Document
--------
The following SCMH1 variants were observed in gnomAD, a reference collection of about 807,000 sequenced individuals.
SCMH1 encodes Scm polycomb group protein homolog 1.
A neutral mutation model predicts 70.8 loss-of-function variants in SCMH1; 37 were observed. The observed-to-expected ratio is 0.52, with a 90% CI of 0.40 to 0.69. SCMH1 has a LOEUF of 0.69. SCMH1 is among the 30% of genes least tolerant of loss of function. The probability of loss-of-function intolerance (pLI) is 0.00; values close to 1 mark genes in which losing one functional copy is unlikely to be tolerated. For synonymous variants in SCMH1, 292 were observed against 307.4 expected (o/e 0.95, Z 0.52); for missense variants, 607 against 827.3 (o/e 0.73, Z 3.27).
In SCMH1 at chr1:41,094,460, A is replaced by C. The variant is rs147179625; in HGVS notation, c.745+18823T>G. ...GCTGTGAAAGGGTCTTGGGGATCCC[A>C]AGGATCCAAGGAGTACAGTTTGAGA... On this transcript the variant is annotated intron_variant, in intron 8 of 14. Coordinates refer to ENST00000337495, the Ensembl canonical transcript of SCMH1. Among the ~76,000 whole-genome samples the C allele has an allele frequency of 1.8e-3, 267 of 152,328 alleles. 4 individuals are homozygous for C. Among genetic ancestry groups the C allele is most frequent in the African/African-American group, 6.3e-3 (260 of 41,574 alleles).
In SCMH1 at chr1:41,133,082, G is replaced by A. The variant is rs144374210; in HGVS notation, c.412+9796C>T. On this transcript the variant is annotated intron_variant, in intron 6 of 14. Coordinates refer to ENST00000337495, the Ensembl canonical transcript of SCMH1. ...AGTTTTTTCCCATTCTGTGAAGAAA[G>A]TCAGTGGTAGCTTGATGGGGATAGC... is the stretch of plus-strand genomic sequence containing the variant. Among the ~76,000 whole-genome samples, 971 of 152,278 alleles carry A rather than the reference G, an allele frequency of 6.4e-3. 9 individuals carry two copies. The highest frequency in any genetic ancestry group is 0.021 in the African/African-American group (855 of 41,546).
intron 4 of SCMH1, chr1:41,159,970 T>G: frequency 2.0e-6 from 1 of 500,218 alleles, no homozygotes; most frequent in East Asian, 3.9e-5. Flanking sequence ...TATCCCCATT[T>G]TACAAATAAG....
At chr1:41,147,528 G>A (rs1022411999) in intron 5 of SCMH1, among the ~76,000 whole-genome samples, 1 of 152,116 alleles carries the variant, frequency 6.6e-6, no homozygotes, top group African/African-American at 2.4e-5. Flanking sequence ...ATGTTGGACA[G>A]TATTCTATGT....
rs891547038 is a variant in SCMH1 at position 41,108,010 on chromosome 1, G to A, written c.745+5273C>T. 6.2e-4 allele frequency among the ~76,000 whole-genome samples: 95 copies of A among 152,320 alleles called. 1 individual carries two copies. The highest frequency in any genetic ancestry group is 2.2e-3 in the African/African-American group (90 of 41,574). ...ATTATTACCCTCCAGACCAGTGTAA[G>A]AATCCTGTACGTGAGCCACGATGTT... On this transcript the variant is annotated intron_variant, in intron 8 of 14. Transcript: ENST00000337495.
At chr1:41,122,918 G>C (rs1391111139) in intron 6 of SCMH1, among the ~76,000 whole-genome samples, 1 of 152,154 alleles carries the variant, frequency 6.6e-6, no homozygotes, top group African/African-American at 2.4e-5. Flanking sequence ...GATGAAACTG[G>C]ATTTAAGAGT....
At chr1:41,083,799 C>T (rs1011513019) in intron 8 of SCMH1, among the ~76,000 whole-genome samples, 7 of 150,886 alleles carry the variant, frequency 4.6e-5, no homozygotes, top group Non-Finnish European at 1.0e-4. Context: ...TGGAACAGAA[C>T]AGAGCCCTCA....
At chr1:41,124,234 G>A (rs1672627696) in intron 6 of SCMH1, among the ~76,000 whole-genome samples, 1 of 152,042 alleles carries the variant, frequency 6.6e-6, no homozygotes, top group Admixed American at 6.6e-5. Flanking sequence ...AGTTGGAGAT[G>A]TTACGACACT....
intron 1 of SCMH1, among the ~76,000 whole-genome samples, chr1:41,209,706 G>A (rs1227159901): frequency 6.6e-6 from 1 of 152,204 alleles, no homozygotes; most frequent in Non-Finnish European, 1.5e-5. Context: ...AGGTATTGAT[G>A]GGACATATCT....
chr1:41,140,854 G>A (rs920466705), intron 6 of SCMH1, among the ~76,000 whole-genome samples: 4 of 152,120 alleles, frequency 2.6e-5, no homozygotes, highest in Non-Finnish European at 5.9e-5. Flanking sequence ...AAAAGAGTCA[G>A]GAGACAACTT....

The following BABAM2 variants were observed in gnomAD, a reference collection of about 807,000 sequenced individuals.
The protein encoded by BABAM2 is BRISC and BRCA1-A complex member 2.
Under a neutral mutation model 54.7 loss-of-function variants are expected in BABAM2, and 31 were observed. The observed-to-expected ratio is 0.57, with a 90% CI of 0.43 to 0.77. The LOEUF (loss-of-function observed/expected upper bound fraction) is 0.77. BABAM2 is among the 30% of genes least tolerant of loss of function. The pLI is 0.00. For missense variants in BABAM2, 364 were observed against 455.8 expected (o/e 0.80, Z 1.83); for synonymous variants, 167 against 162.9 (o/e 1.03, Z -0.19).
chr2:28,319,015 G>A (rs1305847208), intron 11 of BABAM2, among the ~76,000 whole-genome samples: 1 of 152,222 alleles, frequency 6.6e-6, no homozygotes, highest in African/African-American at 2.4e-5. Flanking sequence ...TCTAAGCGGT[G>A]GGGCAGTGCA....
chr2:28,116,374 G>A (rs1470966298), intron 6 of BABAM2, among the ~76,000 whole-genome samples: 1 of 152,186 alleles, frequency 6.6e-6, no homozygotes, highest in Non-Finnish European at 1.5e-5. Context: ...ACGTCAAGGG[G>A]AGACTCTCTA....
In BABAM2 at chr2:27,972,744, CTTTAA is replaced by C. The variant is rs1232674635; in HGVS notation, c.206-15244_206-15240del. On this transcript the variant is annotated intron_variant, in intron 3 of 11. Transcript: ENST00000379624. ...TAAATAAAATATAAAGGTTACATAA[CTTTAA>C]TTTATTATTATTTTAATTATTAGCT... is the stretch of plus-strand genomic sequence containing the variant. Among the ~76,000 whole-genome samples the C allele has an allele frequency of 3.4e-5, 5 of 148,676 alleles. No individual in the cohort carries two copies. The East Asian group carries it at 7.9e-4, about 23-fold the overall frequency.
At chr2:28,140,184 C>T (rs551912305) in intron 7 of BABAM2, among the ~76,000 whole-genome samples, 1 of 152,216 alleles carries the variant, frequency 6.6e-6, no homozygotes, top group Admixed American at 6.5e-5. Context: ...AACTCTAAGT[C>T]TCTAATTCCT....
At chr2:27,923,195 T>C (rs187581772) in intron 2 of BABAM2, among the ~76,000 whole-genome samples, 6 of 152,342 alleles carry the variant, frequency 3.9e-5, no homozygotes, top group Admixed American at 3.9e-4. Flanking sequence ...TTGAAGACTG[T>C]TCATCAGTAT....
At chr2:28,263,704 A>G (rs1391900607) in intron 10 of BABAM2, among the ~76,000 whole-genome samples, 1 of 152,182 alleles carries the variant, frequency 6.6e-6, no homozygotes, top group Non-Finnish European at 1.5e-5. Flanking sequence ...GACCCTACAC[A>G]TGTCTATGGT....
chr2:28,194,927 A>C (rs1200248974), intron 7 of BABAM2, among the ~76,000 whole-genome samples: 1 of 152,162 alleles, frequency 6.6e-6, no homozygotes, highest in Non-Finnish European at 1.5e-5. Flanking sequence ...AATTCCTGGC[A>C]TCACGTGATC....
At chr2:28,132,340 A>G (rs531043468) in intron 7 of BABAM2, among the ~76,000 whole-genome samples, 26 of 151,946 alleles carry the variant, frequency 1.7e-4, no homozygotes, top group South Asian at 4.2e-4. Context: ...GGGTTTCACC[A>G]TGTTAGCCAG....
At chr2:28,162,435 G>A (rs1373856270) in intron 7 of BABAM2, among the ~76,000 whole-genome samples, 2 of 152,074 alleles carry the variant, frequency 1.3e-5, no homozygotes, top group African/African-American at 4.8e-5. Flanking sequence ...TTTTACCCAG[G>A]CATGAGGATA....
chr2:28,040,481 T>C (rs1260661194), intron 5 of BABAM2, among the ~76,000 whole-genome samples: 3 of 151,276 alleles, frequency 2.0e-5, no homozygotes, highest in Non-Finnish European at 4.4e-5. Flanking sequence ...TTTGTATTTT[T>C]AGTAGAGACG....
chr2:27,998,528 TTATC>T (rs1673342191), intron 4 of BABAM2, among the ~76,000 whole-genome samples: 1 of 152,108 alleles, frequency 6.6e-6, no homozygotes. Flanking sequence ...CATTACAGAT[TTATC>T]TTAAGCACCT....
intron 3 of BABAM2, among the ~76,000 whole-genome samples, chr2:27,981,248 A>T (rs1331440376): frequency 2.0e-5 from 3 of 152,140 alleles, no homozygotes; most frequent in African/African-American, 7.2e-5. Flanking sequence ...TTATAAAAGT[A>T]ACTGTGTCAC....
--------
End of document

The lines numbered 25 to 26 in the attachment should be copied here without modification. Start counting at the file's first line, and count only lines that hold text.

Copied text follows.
At chr2:28,162,435 G>A (rs1373856270) in intron 7 of BABAM2, among the ~76,000 whole-genome samples, 2 of 152,074 alleles carry the variant, frequency 1.3e-5, no homozygotes, top group African/African-American at 4.8e-5. Flanking sequence ...TTTTACCCAG[G>A]CATGAGGATA....
chr2:28,040,481 T>C (rs1260661194), intron 5 of BABAM2, among the ~76,000 whole-genome samples: 3 of 151,276 alleles, frequency 2.0e-5, no homozygotes, highest in Non-Finnish European at 4.4e-5. Flanking sequence ...TTTGTATTTT[T>C]AGTAGAGACG....